Most of the employers would repeat the experience of sponsoring students – the reasons for so doing corresponded quite closely to the perceived benefits set out above. In an interesting contrast, one response specifically indicated a preference for the Professional Doctorate over the PhD because of its inclusion of project management and co-ordination of the work of others; and one response said that in future the organisation would stick to ‘proper PhDs’. This pair of responses encapsulates some of the contrasting attitudes to One consistent negative aspect that was raised in the responses was the problem of the amount of staff time and energy that the course absorbed. However it appeared that the positive aspects outweighed this for most employers. A number of employers also commented adversely on the cost of the programmes in terms of fees; the public sector bias makes this a rather unsurprising observation, given the constraints on funding.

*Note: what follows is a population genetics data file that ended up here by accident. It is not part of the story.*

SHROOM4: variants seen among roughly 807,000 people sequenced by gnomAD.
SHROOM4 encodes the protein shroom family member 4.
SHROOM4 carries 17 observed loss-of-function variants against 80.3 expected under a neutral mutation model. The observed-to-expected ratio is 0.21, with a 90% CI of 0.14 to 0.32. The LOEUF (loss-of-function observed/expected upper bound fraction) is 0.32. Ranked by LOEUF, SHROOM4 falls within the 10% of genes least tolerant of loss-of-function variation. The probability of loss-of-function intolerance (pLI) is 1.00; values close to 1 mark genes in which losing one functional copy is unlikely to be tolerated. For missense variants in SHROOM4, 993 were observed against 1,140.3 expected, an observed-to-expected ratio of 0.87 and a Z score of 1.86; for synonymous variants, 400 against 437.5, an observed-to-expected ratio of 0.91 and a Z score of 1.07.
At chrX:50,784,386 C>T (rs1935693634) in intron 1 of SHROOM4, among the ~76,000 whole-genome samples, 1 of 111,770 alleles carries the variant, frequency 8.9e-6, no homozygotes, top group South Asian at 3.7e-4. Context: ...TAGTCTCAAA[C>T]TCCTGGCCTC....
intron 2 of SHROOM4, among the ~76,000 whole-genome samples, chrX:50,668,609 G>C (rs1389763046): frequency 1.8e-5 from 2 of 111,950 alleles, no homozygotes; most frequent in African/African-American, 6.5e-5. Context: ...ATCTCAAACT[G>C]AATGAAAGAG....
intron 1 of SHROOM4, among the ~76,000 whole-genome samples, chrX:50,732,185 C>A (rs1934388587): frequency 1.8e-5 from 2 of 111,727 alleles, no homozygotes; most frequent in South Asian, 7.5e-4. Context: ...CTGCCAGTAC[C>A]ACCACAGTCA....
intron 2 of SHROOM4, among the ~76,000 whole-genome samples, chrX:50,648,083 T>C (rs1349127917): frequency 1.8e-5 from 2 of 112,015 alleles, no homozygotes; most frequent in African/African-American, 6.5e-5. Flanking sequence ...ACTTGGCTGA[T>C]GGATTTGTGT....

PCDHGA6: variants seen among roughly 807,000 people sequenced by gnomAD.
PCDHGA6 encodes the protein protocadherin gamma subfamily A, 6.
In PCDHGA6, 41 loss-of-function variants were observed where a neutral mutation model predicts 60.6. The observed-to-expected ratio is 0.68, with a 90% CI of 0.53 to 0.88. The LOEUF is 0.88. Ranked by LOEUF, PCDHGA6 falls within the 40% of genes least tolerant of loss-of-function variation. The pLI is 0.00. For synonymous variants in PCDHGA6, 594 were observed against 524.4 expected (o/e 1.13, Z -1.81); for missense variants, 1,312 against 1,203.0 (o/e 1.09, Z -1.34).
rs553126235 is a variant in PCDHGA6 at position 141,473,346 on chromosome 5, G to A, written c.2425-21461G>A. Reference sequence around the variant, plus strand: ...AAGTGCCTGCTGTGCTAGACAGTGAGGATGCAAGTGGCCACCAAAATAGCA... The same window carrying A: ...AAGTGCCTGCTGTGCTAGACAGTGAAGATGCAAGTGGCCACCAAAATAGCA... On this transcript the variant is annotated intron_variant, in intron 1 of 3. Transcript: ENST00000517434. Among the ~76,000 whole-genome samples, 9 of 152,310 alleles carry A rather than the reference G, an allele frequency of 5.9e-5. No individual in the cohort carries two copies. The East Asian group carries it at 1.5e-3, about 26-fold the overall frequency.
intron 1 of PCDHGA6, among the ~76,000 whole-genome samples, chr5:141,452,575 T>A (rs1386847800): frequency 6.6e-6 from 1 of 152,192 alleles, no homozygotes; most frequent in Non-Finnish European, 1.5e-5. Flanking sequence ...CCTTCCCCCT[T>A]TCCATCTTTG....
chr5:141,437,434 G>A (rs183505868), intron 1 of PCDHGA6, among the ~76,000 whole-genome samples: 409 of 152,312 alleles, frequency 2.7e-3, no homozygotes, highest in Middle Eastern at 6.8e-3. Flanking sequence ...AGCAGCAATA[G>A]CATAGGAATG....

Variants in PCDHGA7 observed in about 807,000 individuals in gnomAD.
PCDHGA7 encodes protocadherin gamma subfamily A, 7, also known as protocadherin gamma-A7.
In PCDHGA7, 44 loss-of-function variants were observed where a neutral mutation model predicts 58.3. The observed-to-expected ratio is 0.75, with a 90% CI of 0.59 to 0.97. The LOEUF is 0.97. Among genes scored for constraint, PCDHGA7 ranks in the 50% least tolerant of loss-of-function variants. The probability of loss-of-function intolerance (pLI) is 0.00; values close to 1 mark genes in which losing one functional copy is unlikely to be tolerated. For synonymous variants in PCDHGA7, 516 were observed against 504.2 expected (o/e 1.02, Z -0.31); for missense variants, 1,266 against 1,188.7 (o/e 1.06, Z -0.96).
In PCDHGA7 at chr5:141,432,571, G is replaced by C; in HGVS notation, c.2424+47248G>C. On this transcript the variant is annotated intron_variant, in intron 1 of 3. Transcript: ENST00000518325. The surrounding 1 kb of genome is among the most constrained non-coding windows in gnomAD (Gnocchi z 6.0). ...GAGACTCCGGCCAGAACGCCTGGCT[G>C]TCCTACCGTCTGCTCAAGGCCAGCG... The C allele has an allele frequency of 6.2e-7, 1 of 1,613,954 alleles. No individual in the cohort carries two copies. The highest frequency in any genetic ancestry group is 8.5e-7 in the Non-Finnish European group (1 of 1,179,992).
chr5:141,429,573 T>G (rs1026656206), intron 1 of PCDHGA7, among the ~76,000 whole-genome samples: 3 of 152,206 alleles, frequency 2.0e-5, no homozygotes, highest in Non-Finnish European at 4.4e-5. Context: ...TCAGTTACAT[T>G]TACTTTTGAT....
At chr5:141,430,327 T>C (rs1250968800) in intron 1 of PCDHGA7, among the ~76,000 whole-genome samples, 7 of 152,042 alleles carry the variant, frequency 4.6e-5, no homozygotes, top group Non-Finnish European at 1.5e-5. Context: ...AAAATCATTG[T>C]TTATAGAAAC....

The Location of Professional Doctorate Programmes
The UK university system is broadly made up of two types of universities. There are traditional academic institutions which were established at various times between about 1100 and 1964. More recently a set of new universities were created from the polytechnics in 1992, and these, reflecting their polytechnic heritage, are seen as being more distinctively vocational in character. There are already signs that the two groups are converging. However, given the vocational emphasis of the new universities it is surprising that the development of professional doctorates was concentrated initially in the traditional universities. This may be explained by the involvement of external professional groups.